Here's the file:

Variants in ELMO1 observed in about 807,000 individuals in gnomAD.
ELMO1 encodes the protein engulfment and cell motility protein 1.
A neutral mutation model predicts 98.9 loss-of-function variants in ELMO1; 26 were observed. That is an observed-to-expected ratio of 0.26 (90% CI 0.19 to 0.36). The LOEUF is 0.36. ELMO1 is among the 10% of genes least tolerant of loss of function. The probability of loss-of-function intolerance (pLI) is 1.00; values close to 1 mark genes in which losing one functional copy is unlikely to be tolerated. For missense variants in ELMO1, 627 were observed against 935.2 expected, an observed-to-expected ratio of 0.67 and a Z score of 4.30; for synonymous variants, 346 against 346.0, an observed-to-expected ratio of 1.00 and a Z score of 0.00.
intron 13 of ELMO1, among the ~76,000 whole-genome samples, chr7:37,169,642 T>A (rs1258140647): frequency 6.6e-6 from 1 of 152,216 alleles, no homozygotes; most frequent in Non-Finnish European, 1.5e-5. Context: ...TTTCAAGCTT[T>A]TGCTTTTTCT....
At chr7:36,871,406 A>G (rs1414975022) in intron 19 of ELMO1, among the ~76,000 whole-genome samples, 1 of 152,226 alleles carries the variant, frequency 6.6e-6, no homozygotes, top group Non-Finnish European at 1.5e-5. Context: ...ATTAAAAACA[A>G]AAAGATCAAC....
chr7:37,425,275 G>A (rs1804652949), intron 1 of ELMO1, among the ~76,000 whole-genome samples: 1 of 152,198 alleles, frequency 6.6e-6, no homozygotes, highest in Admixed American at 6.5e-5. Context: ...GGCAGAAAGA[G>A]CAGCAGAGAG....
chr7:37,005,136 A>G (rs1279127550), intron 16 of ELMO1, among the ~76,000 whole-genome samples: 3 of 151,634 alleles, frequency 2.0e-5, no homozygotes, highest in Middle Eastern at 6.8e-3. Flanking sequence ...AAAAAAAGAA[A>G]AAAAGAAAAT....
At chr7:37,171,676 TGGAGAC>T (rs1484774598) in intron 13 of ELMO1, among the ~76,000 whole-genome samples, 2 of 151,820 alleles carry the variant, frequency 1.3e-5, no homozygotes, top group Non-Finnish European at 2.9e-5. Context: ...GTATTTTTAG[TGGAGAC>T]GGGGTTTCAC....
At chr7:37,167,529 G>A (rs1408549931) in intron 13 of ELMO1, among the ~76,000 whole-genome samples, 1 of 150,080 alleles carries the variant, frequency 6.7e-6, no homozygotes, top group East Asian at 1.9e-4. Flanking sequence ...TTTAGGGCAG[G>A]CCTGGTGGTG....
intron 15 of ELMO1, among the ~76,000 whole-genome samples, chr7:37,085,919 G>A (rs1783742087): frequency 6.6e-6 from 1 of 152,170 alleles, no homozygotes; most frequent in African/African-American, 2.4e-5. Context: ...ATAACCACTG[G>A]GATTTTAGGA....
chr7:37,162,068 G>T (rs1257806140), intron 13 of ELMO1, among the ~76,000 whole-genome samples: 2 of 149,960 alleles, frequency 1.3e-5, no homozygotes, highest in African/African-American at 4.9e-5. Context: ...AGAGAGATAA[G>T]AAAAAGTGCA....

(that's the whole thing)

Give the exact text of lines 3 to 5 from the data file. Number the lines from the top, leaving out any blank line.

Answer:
A neutral mutation model predicts 98.9 loss-of-function variants in ELMO1; 26 were observed. That is an observed-to-expected ratio of 0.26 (90% CI 0.19 to 0.36). The LOEUF is 0.36. ELMO1 is among the 10% of genes least tolerant of loss of function. The probability of loss-of-function intolerance (pLI) is 1.00; values close to 1 mark genes in which losing one functional copy is unlikely to be tolerated. For missense variants in ELMO1, 627 were observed against 935.2 expected, an observed-to-expected ratio of 0.67 and a Z score of 4.30; for synonymous variants, 346 against 346.0, an observed-to-expected ratio of 1.00 and a Z score of 0.00.
intron 13 of ELMO1, among the ~76,000 whole-genome samples, chr7:37,169,642 T>A (rs1258140647): frequency 6.6e-6 from 1 of 152,216 alleles, no homozygotes; most frequent in Non-Finnish European, 1.5e-5. Context: ...TTTCAAGCTT[T>A]TGCTTTTTCT....
At chr7:36,871,406 A>G (rs1414975022) in intron 19 of ELMO1, among the ~76,000 whole-genome samples, 1 of 152,226 alleles carries the variant, frequency 6.6e-6, no homozygotes, top group Non-Finnish European at 1.5e-5. Context: ...ATTAAAAACA[A>G]AAAGATCAAC....